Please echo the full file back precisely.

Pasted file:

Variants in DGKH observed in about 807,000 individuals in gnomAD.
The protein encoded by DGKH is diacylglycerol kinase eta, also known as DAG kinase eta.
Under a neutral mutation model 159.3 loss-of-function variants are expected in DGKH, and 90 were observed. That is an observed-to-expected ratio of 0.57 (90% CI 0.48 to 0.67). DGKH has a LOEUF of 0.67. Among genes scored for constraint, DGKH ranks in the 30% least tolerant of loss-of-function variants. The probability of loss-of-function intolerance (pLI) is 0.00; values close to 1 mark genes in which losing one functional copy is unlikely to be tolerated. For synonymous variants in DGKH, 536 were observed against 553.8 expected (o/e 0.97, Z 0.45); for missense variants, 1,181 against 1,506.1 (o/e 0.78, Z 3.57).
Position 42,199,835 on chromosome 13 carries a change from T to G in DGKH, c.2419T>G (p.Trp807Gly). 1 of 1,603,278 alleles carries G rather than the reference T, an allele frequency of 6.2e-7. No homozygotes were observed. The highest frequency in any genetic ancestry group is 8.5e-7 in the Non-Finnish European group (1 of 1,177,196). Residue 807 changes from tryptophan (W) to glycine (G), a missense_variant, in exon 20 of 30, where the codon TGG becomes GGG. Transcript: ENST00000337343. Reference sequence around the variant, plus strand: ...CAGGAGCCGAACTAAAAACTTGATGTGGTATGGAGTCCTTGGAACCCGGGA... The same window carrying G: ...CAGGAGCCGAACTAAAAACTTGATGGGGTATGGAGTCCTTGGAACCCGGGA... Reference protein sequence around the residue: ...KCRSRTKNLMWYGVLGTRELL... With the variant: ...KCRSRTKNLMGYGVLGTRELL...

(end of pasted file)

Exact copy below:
Variants in DGKH observed in about 807,000 individuals in gnomAD.
The protein encoded by DGKH is diacylglycerol kinase eta, also known as DAG kinase eta.
Under a neutral mutation model 159.3 loss-of-function variants are expected in DGKH, and 90 were observed. That is an observed-to-expected ratio of 0.57 (90% CI 0.48 to 0.67). DGKH has a LOEUF of 0.67. Among genes scored for constraint, DGKH ranks in the 30% least tolerant of loss-of-function variants. The probability of loss-of-function intolerance (pLI) is 0.00; values close to 1 mark genes in which losing one functional copy is unlikely to be tolerated. For synonymous variants in DGKH, 536 were observed against 553.8 expected (o/e 0.97, Z 0.45); for missense variants, 1,181 against 1,506.1 (o/e 0.78, Z 3.57).
Position 42,199,835 on chromosome 13 carries a change from T to G in DGKH, c.2419T>G (p.Trp807Gly). 1 of 1,603,278 alleles carries G rather than the reference T, an allele frequency of 6.2e-7. No homozygotes were observed. The highest frequency in any genetic ancestry group is 8.5e-7 in the Non-Finnish European group (1 of 1,177,196). Residue 807 changes from tryptophan (W) to glycine (G), a missense_variant, in exon 20 of 30, where the codon TGG becomes GGG. Transcript: ENST00000337343. Reference sequence around the variant, plus strand: ...CAGGAGCCGAACTAAAAACTTGATGTGGTATGGAGTCCTTGGAACCCGGGA... The same window carrying G: ...CAGGAGCCGAACTAAAAACTTGATGGGGTATGGAGTCCTTGGAACCCGGGA... Reference protein sequence around the residue: ...KCRSRTKNLMWYGVLGTRELL... With the variant: ...KCRSRTKNLMGYGVLGTRELL...